Lou Reed – Metal Machine Music (1975)

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On its release, it was reviewed in Rolling Stone magazine as sounding like “the tubular groaning of a galactic refrigerator” and as displeasing to experience as “a night in a bus terminal”. In the 1979 Rolling Stone Record Guide, critic Billy Altman said it was “a two-disc set consisting of nothing more than ear-wrecking electronic sludge, guaranteed to clear any room of humans in record time.” However, the first issue of the seminal New York zine Punk, placed Reed and the album on its inaugural 1976 issue, presaging the advent of both punk and the discordance of the New York No Wave scene. To quote critic Victor Bockris, Reed’s recording can be understood as “the ultimate conceptual punk album and the progenitor of New York punk rock.” The album was ranked number two in the 1991 book The Worst Rock ‘n’ Roll Records of All Time by Jimmy Guterman and Owen O’Donnell. The book gives sympathy to legendary record cutting engineer Bob Ludwig for having to listen to the album in its entirety. (In fact, according to the liner notes of the 2000 reissue of the album, Ludwig was “totally into what Lou was doing” and compared the work to that of avant-garde classical composers Iannis Xenakis and Karlheinz Stockhausen.) In 2005, Q magazine included the album in a list of “Ten Terrible Records by Great Artists”, and it ranked number four in Q’s fifty worst albums of all time list. It was again featured in Q magazine in December 2010 for the “Top Ten Career Suicides” list, where it came eighth overall. The Trouser Press Record Guide referred to it as “four sides of unlistenable oscillator noise,” parenthetically calling that assessment “a description, not a value judgment.” Probably the most sympathetic appraisal of Metal Machine Music was given by rock critic Lester Bangs, who wrote that “as classical music it adds nothing to a genre that may well be depleted. As rock ‘n’ roll it’s interesting garage electronic rock ‘n’ roll. As a statement it’s great, as a giant FUCK YOU it shows integrity—a sick, twisted, dunced-out, malevolent, perverted, psychopathic integrity, but integrity nevertheless.” Bangs later wrote a tongue-in-cheek article on Metal Machine Music titled “The Greatest Album Ever Made”, in which he judged it “the greatest record ever made in the history of the human eardrum.”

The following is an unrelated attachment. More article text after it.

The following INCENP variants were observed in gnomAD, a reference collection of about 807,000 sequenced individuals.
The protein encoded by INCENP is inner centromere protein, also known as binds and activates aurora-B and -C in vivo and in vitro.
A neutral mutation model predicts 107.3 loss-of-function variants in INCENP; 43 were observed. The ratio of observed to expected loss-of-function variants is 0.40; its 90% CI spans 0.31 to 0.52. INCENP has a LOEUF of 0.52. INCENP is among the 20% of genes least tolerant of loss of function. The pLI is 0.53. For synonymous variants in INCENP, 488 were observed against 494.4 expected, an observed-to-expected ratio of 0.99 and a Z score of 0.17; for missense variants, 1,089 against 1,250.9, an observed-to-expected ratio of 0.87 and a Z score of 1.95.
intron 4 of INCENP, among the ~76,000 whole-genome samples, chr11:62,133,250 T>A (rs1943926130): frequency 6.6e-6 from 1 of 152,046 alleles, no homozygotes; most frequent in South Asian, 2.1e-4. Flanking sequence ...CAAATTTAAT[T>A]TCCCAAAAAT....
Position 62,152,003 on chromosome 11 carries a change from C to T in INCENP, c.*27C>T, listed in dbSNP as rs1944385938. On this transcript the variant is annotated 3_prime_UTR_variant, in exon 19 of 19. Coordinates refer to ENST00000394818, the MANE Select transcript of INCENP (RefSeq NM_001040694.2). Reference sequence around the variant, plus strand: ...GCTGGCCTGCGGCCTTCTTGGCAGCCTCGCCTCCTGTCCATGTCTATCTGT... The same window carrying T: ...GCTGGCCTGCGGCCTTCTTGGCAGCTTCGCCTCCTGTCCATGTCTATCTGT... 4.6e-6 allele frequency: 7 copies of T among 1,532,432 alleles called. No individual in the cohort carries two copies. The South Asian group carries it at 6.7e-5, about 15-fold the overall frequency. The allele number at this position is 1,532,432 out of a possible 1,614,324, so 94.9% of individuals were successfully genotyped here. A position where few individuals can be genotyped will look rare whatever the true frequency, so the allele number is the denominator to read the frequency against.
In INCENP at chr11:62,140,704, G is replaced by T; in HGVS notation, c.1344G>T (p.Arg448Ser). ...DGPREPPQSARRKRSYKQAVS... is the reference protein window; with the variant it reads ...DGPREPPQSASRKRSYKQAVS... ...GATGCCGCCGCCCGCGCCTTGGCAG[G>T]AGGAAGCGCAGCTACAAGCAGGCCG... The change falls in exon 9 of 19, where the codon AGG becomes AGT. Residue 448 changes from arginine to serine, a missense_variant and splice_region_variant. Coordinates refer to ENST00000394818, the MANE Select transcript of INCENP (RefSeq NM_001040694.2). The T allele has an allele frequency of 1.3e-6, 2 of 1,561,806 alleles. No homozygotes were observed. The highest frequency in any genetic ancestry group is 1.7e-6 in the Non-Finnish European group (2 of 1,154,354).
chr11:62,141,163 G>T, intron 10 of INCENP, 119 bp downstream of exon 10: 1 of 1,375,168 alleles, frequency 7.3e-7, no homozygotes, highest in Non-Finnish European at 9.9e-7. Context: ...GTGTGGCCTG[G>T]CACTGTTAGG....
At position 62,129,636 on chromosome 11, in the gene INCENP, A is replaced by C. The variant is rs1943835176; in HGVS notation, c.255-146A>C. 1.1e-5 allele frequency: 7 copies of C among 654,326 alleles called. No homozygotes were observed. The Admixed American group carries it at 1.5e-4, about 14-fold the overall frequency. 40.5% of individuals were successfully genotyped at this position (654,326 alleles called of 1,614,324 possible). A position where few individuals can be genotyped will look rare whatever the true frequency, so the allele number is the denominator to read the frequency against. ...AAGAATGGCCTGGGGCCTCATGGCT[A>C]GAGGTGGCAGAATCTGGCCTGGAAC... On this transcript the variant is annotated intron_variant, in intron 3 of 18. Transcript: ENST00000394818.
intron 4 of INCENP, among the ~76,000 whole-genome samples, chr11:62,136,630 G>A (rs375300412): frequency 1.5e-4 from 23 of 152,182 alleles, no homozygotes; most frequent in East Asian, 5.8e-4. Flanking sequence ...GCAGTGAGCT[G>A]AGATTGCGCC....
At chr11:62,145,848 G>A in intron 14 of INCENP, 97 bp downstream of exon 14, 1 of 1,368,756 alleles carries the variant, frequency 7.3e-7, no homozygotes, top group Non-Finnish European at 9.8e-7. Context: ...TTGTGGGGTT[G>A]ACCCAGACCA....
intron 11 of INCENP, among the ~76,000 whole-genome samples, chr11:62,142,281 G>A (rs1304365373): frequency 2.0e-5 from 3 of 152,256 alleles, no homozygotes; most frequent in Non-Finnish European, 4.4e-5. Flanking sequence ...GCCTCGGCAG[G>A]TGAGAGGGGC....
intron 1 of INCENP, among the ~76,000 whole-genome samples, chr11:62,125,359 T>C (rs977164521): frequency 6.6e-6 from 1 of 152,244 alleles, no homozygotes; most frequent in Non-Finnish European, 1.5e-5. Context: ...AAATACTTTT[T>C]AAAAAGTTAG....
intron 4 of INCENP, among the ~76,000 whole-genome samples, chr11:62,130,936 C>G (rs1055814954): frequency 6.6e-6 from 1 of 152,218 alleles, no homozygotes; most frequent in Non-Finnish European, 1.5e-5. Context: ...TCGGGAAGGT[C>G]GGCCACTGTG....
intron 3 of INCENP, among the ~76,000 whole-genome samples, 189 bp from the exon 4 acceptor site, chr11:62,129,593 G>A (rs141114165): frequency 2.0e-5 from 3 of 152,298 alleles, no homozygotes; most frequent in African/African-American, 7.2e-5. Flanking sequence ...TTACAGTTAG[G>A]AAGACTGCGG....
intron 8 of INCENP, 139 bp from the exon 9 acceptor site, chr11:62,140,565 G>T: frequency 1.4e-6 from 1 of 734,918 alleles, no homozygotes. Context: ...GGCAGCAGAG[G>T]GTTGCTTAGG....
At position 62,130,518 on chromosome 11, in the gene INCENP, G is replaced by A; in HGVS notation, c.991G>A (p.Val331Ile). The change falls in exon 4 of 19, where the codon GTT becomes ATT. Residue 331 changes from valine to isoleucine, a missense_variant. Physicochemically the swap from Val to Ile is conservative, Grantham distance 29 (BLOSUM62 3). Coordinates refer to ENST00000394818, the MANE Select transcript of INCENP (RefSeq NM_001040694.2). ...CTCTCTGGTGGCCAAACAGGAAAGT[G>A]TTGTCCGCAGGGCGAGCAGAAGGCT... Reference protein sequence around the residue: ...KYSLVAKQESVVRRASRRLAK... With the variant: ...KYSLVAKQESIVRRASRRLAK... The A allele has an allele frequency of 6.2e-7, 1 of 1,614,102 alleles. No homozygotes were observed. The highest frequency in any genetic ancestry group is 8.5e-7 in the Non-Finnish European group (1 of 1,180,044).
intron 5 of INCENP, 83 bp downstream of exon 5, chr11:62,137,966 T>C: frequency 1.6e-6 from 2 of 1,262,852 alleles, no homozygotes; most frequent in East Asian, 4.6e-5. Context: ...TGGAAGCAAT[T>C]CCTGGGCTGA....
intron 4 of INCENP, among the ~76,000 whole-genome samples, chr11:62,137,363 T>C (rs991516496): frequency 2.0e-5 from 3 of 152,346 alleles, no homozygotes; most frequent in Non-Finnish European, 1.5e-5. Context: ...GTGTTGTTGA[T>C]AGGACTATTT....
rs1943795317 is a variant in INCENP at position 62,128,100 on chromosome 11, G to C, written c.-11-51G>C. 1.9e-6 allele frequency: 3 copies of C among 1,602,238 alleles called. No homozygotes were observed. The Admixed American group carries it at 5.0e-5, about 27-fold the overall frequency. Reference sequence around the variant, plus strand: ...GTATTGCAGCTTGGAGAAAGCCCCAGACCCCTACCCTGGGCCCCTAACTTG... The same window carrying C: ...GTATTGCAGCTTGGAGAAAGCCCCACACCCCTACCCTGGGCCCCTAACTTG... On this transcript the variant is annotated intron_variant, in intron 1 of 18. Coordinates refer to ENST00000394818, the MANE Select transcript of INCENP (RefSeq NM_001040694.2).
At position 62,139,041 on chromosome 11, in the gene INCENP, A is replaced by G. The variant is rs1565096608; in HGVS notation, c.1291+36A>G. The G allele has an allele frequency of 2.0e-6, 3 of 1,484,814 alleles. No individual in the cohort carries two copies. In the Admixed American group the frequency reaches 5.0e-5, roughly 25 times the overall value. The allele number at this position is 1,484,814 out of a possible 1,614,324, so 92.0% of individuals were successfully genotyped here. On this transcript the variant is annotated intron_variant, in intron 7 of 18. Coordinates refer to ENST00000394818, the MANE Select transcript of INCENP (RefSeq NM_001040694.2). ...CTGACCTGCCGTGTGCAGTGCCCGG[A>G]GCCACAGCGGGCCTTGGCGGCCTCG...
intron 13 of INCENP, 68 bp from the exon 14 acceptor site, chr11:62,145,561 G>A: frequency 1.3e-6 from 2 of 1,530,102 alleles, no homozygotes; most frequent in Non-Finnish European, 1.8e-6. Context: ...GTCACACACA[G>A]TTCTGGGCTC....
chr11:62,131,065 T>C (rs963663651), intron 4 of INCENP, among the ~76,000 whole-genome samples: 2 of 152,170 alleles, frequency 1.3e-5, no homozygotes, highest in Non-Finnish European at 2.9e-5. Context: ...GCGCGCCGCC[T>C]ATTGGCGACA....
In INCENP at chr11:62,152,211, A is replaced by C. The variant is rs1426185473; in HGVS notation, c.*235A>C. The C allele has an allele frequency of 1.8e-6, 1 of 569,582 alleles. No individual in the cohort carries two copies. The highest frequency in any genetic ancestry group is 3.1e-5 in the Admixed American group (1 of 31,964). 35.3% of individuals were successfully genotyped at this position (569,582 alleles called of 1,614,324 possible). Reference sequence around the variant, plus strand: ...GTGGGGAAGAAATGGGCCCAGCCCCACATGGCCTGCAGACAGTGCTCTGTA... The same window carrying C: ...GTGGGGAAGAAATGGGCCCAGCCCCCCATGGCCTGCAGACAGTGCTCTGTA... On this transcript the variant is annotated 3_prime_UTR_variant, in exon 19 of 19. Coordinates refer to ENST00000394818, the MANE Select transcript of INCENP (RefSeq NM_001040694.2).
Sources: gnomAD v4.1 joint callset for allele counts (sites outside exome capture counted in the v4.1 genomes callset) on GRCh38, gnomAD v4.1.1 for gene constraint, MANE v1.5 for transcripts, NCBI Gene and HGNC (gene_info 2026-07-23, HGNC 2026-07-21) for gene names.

[Dedicated to Lars Top-Galia]

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